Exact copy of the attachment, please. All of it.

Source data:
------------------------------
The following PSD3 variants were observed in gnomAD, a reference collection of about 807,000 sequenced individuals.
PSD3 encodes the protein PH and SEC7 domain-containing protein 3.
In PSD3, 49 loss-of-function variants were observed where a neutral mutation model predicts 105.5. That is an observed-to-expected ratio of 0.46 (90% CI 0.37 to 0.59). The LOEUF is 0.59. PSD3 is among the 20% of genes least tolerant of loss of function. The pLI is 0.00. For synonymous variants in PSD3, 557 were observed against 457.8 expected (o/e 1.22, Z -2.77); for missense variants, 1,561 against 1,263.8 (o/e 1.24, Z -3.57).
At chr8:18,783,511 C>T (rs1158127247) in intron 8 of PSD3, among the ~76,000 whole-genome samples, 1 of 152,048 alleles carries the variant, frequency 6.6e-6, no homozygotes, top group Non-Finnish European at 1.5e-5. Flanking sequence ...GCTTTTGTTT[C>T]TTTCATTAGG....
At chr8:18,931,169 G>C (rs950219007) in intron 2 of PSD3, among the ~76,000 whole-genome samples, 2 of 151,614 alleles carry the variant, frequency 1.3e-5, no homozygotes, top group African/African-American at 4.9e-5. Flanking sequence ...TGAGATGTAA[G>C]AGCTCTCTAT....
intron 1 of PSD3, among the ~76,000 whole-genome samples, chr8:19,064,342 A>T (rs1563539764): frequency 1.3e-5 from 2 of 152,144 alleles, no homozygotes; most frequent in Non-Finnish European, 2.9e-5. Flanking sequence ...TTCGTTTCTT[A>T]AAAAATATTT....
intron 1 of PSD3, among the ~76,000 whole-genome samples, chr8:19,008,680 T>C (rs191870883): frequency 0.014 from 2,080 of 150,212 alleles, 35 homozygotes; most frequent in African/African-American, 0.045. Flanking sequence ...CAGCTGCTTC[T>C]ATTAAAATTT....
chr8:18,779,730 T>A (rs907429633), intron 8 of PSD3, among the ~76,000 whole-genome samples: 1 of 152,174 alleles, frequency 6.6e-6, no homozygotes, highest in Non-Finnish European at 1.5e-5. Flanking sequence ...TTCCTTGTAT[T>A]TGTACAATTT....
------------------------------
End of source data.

The following PSD3 variants were observed in gnomAD, a reference collection of about 807,000 sequenced individuals.
PSD3 encodes the protein PH and SEC7 domain-containing protein 3.
In PSD3, 49 loss-of-function variants were observed where a neutral mutation model predicts 105.5. That is an observed-to-expected ratio of 0.46 (90% CI 0.37 to 0.59). The LOEUF is 0.59. PSD3 is among the 20% of genes least tolerant of loss of function. The pLI is 0.00. For synonymous variants in PSD3, 557 were observed against 457.8 expected (o/e 1.22, Z -2.77); for missense variants, 1,561 against 1,263.8 (o/e 1.24, Z -3.57).
At chr8:18,783,511 C>T (rs1158127247) in intron 8 of PSD3, among the ~76,000 whole-genome samples, 1 of 152,048 alleles carries the variant, frequency 6.6e-6, no homozygotes, top group Non-Finnish European at 1.5e-5. Flanking sequence ...GCTTTTGTTT[C>T]TTTCATTAGG....
At chr8:18,931,169 G>C (rs950219007) in intron 2 of PSD3, among the ~76,000 whole-genome samples, 2 of 151,614 alleles carry the variant, frequency 1.3e-5, no homozygotes, top group African/African-American at 4.9e-5. Flanking sequence ...TGAGATGTAA[G>C]AGCTCTCTAT....
intron 1 of PSD3, among the ~76,000 whole-genome samples, chr8:19,064,342 A>T (rs1563539764): frequency 1.3e-5 from 2 of 152,144 alleles, no homozygotes; most frequent in Non-Finnish European, 2.9e-5. Flanking sequence ...TTCGTTTCTT[A>T]AAAAATATTT....
intron 1 of PSD3, among the ~76,000 whole-genome samples, chr8:19,008,680 T>C (rs191870883): frequency 0.014 from 2,080 of 150,212 alleles, 35 homozygotes; most frequent in African/African-American, 0.045. Flanking sequence ...CAGCTGCTTC[T>C]ATTAAAATTT....
chr8:18,779,730 T>A (rs907429633), intron 8 of PSD3, among the ~76,000 whole-genome samples: 1 of 152,174 alleles, frequency 6.6e-6, no homozygotes, highest in Non-Finnish European at 1.5e-5. Flanking sequence ...TTCCTTGTAT[T>A]TGTACAATTT....